OTTAWA -- Two Ottawa city councillors say the believe there is something citizens are not being told about the transit system as they push for an emergency meeting regarding recent issues with light rail and double-decker buses.

Speaking on Newstalk 580 CFRA's "Ottawa Now with Kristy Cameron" on Monday, Somerset Coun. Catherine McKenney and Gloucester-Southgate Coun. Diane Deans both said Mayor Jim Watson and Transit Commission Chair Coun. Allan Hubley are hiding something.

"I believe there is something that we are not being told. I believe we are not being given the full information that we need to make the decisions as a board of directors, as council, as the stewards of your tax dollars to ensure we're getting the best and safest system possible," McKenney said.

"They also seem to have something to hide," Deans added. "They don't want to answer questions about a service that is critical to this city, that was funded by our taxpayers in an open and transparent manner, and that tells me there's something going on here that they don't want to answer public questions about."

Since Aug. 8, there has been a derailment on the LRT, which stopped all service for five days and led to several train cars requring inspections, 19 double-decker buses were pulled from service and later returned over steering issues that landed one bus in a ditch, and a train with a braking issue slowed service down for about 90 minutes last Friday.

Watson said earlier Monday that transit service has been running well despite these recent incidents.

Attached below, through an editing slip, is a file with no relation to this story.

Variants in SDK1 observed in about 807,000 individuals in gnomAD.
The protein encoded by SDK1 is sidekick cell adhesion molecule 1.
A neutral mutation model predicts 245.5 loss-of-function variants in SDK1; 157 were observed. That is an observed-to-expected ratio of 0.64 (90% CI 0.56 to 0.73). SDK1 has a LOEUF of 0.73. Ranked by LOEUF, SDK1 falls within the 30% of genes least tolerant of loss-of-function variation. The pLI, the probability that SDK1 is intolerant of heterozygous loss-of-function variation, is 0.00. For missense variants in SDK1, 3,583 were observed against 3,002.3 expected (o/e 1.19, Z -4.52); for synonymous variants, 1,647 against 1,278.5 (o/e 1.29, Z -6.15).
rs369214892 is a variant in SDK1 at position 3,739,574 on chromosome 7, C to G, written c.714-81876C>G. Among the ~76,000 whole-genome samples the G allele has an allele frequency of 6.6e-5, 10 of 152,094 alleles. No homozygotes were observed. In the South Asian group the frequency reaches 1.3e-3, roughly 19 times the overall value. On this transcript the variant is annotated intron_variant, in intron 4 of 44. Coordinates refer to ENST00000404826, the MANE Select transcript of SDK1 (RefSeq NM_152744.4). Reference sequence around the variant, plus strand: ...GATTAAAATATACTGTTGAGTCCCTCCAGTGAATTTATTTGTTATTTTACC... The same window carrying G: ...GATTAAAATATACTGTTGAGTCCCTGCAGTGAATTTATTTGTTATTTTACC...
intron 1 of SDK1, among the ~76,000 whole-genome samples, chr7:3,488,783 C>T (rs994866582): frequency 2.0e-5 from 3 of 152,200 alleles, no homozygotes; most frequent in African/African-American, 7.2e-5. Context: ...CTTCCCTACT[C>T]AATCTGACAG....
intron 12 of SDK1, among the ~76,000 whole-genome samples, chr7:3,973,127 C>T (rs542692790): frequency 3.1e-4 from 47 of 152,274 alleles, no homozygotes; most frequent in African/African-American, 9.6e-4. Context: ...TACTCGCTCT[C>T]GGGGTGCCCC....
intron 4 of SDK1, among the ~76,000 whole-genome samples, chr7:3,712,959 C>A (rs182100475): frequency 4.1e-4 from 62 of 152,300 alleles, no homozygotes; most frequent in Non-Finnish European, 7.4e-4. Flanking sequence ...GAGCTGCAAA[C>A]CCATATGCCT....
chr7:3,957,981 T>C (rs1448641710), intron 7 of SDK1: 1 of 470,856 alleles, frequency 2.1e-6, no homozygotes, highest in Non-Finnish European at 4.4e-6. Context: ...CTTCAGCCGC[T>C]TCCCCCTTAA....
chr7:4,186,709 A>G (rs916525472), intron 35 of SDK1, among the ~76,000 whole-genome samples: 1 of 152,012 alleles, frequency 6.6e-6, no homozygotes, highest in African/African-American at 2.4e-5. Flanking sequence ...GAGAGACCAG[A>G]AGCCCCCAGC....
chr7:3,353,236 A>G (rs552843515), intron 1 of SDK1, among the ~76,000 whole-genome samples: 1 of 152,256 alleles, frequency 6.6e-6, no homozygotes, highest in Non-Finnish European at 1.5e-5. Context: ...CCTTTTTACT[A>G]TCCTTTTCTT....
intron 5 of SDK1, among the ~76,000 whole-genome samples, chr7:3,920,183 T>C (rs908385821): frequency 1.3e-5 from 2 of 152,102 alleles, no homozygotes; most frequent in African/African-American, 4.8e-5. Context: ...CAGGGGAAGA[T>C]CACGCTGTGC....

"We had a year and a half of really good service, we had one week of really bad service. We've got to get back to the really good service and that's going to be done with actions and not simply words.," Watson said.

McKenney responded and said they still believe a public meeting is necessary.

"There are so many questions to be asked," the said. "We also need to make decisions and for those decisions to be made, we need to be sitting around a table. We need to be able to think through what needs to be done and what's the next step."

In a statement to CFRA, Watson's office said city staff have been as transparent as possible with the ongoing problems.

"The mayor has no idea what the two councillors are talking about and encourages them to provide specifics of what information they claim is being withheld," the statement said. "Staff have been providing councillors with full briefings, detailing all aspects of resolving the problems. Councillors will have the opportunity to have a full discussion on transit at its next meeting."

A memo to city councillors from Transportation Services General Manager John Manconi, released to the media late Monday, addressed several questions related to transit service, including the investigation into the axle bearings on the LRT trains, the smell at Parliament Station and whether there been any fires on double-decker buses in the past year.

Hubley is on vacation this week and declined an interview request with CFRA. He had previously denied McKenney's and Deans's request for an emergency meeting, saying city staff have released regular memos during the five-day shut down of the Confederation Line and added that staff are available to take councillors' questions.

McKenny and Deans plan to hold a rally at Ottawa City Hall at 11 a.m. Wednesday as they continue to call for a transit commission meeting before Sept. 20.

"We need the public to come and force this issue," McKenney said. "Nobody is here for our own good. We are here to represent the public. Wednesday at 11 a.m., we want the public to come out to support the call or a special transit commission meeting. Unless you come out, we won't get it."

O-Train Line 1 - Memo to Council_ 23 August 2021 by CTV Ottawa on Scribd